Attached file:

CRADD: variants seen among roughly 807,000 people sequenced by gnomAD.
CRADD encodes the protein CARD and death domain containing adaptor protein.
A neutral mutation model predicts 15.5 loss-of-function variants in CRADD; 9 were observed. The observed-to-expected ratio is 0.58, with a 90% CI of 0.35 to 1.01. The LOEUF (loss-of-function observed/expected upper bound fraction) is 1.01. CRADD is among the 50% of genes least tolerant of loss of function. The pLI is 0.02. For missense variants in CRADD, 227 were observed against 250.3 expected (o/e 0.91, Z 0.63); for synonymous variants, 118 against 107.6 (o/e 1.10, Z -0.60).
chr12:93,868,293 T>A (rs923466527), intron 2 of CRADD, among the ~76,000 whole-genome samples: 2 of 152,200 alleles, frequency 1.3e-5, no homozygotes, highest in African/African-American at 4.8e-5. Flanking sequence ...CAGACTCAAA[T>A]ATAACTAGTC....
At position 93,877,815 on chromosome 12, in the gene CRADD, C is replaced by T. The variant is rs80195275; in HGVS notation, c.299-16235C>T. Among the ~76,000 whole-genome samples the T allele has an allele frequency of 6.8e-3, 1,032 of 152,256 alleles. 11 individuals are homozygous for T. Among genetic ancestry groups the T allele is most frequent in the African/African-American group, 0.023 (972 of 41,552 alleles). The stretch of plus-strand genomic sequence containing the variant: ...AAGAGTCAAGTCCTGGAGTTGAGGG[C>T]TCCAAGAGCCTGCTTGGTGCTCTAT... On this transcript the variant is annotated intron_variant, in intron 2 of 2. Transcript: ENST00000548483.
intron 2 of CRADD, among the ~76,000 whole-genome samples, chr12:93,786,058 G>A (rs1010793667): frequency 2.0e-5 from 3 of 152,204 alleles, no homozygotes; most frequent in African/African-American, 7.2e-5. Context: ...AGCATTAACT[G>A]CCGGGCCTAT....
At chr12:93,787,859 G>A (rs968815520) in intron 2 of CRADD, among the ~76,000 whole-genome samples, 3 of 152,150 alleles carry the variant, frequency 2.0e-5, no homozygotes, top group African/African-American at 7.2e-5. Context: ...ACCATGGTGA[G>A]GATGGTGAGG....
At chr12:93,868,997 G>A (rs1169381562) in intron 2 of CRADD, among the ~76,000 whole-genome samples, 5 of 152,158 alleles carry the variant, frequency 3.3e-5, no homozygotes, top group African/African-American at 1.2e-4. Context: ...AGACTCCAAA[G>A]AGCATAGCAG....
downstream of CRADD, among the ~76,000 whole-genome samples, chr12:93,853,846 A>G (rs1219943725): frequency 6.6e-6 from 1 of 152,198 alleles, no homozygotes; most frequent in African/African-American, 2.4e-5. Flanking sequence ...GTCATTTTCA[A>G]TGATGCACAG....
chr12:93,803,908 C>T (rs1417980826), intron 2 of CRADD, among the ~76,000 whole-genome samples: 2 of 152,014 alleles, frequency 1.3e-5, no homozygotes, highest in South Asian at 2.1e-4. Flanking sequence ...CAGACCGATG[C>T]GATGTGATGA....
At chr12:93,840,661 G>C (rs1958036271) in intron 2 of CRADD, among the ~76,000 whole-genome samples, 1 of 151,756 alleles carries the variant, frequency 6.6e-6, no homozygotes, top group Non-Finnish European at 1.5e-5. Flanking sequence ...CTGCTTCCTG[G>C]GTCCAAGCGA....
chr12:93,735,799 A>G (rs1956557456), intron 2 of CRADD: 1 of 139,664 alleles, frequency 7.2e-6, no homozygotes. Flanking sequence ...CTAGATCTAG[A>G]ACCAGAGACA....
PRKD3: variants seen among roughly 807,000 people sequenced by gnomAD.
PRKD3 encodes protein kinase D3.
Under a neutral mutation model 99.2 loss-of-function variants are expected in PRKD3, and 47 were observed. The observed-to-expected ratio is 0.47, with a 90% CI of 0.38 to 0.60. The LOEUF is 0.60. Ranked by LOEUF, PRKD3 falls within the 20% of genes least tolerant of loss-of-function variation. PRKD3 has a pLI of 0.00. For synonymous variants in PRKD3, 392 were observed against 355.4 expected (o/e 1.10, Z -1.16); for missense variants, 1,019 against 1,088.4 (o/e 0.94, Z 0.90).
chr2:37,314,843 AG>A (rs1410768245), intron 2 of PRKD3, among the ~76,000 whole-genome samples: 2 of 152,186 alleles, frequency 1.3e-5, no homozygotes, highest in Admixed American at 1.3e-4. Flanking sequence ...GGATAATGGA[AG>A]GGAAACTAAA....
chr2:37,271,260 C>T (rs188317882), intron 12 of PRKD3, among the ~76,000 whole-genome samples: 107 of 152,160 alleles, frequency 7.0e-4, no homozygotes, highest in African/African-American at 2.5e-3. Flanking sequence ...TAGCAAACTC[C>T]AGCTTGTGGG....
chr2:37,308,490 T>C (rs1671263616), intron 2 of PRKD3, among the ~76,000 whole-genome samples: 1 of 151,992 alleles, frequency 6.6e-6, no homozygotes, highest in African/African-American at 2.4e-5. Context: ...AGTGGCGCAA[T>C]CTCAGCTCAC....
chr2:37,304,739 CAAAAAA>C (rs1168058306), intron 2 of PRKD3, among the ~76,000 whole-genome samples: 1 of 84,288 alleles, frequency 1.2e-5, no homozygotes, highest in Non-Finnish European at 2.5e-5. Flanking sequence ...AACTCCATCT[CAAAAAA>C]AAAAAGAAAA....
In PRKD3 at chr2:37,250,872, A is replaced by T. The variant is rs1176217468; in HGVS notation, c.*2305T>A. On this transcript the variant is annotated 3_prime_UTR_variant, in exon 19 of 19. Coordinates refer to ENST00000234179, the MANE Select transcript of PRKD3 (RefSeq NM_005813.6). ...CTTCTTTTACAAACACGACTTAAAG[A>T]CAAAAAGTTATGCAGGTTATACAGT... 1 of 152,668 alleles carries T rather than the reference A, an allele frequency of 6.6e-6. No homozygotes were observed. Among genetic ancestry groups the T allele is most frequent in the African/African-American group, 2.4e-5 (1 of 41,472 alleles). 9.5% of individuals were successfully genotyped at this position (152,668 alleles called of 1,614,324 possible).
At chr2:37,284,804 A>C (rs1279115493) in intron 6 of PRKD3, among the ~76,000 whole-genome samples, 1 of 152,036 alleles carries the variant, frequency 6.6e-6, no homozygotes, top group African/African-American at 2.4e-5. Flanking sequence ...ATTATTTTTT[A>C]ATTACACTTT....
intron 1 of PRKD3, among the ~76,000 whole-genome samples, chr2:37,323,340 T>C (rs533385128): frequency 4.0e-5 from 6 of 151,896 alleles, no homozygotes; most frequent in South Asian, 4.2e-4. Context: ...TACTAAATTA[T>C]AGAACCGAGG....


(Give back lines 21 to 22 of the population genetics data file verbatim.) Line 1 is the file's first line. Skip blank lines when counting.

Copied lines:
At chr2:37,284,804 A>C (rs1279115493) in intron 6 of PRKD3, among the ~76,000 whole-genome samples, 1 of 152,036 alleles carries the variant, frequency 6.6e-6, no homozygotes, top group African/African-American at 2.4e-5. Flanking sequence ...ATTATTTTTT[A>C]ATTACACTTT....
intron 1 of PRKD3, among the ~76,000 whole-genome samples, chr2:37,323,340 T>C (rs533385128): frequency 4.0e-5 from 6 of 151,896 alleles, no homozygotes; most frequent in South Asian, 4.2e-4. Context: ...TACTAAATTA[T>C]AGAACCGAGG....